When we think of Tahiti, we often imagine the white sand beaches (which are black for the most part), the turquoise blue lagoon and perhaps the tops of the green mountains. But between the mountains and the sea are little treasures full of stories and generous vegetation: the valleys of Tahiti. True places of walks in the bowels of the island, it is by going up its rivers that we attend the spectacles that nature offers us such as the impressive waterfalls where the old legends remain.
Places for nature walks in the middle of abundant vegetation
The island of Tahiti has many valleys, each more mystical than the other, including that of Tipaerui which is one of the best known. Located close to the city center, it deserves to be known by tourists passing through Papeete who tend to forget it, as well as locals because this wonderful valley is hidden by the industrial zone. But if one ventures beyond, one discovers a walk leading to a magnificent waterfall among a nature of a bright green. The latter is preserved by an association on site which plants a multitude of fruit trees. During your walk, be sure to bring essential foods such as rice or tin cans to barter them with the people of the association for their exotic fruits! You can also ask them to help them plant a tree, they will be happy to teach you and have an extra hand to help preserve their fenua (Polynesian soil). The association also recreates the ceremonies of yesteryear when students come with their school to discover the valley. The name Tipaerui means "arrived in the evening" to designate the inhabitants of the peninsula who traveled to Tipaerui by canoe, leaving in the morning to arrive in the evening.
We also have the valley of the commune of Papenoo on the east coast, known for its waves by both beginners and experienced surfers. For a while, it bore the name of Te Mano Rahi, which means "the 10 warriors" because the valley was the permanent home of the great Tahitian chiefdoms for several centuries. Previously it was also called Ha'apai'ano'o meaning "the gathering of all the waters". Indeed its main river receives a minimum of 000 tributaries which makes it a valley with abundant lush vegetation passing through banana trees, mango trees, guava trees, mape and bamboo forest. Among all this greenery there is also a rich fauna such as wild pigs and goats, dozens of varieties of birds, goats and eels in the waterways... The rivers of the Papenoo valley are ideal for swimming. rejuvenating. In the soft and fresh water, the current of the river and its eddies make it an authentic thalasso. If we continue the 35x4 ride deeper in the valley, we will find ourselves in the heart of the island between Papenoo and the Mataiea valley, in what is called the Relais de la Maroto in the center of the crater of Tahiti. The adventure is all the more pleasant with a guide who will tell you the legends of the valley, the history of the tiki village and the maraes and will make you discover Lake Vaihiria, a magnificent basin in the middle of the island.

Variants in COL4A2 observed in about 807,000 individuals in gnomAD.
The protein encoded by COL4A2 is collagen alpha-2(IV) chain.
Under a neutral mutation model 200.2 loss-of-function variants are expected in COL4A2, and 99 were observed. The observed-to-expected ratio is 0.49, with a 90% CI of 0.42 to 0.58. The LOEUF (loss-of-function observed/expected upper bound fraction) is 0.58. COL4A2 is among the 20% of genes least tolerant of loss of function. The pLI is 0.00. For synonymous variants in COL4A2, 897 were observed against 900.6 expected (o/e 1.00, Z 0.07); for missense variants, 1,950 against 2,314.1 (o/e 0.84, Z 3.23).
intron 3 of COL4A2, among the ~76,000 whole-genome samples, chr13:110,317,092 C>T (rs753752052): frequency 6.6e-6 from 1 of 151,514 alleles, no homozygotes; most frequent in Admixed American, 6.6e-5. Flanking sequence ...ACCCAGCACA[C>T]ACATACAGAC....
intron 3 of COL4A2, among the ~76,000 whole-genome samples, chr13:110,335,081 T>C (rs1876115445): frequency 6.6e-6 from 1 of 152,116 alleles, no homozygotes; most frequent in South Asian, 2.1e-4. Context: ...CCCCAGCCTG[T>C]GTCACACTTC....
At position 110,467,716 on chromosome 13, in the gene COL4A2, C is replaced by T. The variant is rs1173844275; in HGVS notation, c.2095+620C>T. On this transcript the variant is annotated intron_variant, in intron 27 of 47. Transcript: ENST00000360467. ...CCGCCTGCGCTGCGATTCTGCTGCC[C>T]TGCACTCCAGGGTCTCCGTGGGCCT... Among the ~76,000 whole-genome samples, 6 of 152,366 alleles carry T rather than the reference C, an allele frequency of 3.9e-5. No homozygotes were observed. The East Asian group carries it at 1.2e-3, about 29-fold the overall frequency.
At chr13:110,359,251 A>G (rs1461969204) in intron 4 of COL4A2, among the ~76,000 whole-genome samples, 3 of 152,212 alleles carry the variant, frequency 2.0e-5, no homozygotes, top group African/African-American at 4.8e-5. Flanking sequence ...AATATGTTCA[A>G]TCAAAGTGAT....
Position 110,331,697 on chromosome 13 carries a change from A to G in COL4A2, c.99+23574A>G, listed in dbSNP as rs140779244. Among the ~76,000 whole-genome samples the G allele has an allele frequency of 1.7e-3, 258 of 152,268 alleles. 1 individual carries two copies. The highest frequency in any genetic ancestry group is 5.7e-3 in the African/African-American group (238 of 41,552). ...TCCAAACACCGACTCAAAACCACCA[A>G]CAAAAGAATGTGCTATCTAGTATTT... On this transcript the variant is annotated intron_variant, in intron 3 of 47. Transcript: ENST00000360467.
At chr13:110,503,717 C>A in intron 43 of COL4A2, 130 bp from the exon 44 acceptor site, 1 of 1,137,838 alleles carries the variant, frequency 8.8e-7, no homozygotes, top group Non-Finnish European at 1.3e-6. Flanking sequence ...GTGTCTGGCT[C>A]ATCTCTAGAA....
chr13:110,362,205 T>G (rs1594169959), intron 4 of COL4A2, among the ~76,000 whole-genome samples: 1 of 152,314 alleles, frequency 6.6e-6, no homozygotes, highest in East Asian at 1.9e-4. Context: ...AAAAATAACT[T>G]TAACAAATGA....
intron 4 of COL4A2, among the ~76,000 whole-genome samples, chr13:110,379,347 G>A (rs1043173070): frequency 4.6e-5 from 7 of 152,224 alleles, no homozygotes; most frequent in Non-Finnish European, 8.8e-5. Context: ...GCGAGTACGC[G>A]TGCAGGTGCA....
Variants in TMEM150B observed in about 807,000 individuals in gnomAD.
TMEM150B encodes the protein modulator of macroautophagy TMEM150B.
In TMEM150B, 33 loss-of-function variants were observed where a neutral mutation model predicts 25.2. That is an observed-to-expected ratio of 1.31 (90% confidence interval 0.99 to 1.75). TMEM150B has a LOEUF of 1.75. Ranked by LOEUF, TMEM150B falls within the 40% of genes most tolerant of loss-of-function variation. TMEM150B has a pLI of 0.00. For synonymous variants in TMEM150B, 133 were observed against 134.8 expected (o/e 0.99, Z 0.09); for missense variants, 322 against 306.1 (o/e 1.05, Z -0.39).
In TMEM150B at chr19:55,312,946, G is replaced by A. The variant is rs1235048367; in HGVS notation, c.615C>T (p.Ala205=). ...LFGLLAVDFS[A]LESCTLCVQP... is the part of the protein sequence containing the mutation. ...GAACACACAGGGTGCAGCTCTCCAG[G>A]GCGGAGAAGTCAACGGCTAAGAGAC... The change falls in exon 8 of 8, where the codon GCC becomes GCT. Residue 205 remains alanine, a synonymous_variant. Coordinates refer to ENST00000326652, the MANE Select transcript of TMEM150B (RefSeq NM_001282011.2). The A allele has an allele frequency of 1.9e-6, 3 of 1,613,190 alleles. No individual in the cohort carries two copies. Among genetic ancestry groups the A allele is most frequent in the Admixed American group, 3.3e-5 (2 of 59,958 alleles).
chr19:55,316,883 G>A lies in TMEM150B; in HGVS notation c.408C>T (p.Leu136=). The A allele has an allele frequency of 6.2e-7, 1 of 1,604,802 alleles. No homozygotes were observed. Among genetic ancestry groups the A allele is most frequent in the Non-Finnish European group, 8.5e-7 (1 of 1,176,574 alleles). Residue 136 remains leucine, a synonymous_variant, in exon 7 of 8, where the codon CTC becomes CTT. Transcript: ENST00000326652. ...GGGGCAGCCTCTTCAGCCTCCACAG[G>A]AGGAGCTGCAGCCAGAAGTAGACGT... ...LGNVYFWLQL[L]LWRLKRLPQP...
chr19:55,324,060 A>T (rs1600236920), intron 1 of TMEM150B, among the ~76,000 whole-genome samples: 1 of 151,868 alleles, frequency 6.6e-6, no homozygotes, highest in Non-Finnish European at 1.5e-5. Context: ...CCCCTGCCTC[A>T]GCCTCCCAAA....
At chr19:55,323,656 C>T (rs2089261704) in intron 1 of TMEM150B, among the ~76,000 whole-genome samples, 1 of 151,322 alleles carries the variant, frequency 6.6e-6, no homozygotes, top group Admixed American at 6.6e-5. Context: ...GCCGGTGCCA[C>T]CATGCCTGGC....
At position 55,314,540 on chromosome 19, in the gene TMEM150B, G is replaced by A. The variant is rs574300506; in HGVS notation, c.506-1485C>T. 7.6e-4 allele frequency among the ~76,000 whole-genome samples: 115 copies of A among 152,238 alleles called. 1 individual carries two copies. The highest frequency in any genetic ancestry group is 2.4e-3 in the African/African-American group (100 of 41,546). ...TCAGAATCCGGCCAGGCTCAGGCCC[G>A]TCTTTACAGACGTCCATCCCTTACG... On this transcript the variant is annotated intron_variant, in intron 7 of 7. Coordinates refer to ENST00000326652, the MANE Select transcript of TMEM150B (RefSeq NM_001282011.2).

The valleys as witnesses of the life of Polynesian ancestors
The valleys are also an ancient place of life and worship filled with archaeological remains. There are maraes, a sacred place dedicated to social, political and religious activities in the past, which appear as stone platforms like open-air temples. They are often surrounded by aito, plants that ward off evil spirits. Rituals, sacrifices, weddings and meetings took place there among others. We can attend reconstructions of ceremonies in the commune of Paea on the marae of Arahurahu during which we can feel the mana, this Polynesian energy. Or in the valley of Hamuta in Pirae, on the marae Tupuhaea. The two Polynesian deities often invoked are Ruahatutinirau, the god of the ocean and To'ahitimatanui the god of vegetation. The purpose of these ceremonies is generally to tell the people to respect their land, the plant world that surrounds them.
The Nahoata Valley in Pirae tells the legend of the creation of the game of Hiri, which consists of ricocheting stones on the'water and then jumping in the circles created by the ripples of the'water. It is the lovely Tautiti Vahine who bathed in the water with her friends to play. She grew up in this valley and was considered the most beautiful of girls. She was going to contemplate herself not far from there in the mud basin of Hamuta, formerly called Hamure which means “to get bogged down in the mud”, and her beauty stood out like a brilliance even through the murky water. Nahoata meanwhile means the clouds that line up above the mountain (naho means “to line up” and ata “clouds”). It is in this valley that the July festivities used to take place: the Tiurai festivals which extended over several days with games and competitions, such as mountainside running. Fewer people lived there than today, making the valley the perfect place to celebrate Polynesian culture because it was teeming with food: taro, fe'i, fruit, prawns in the river and wild pigs.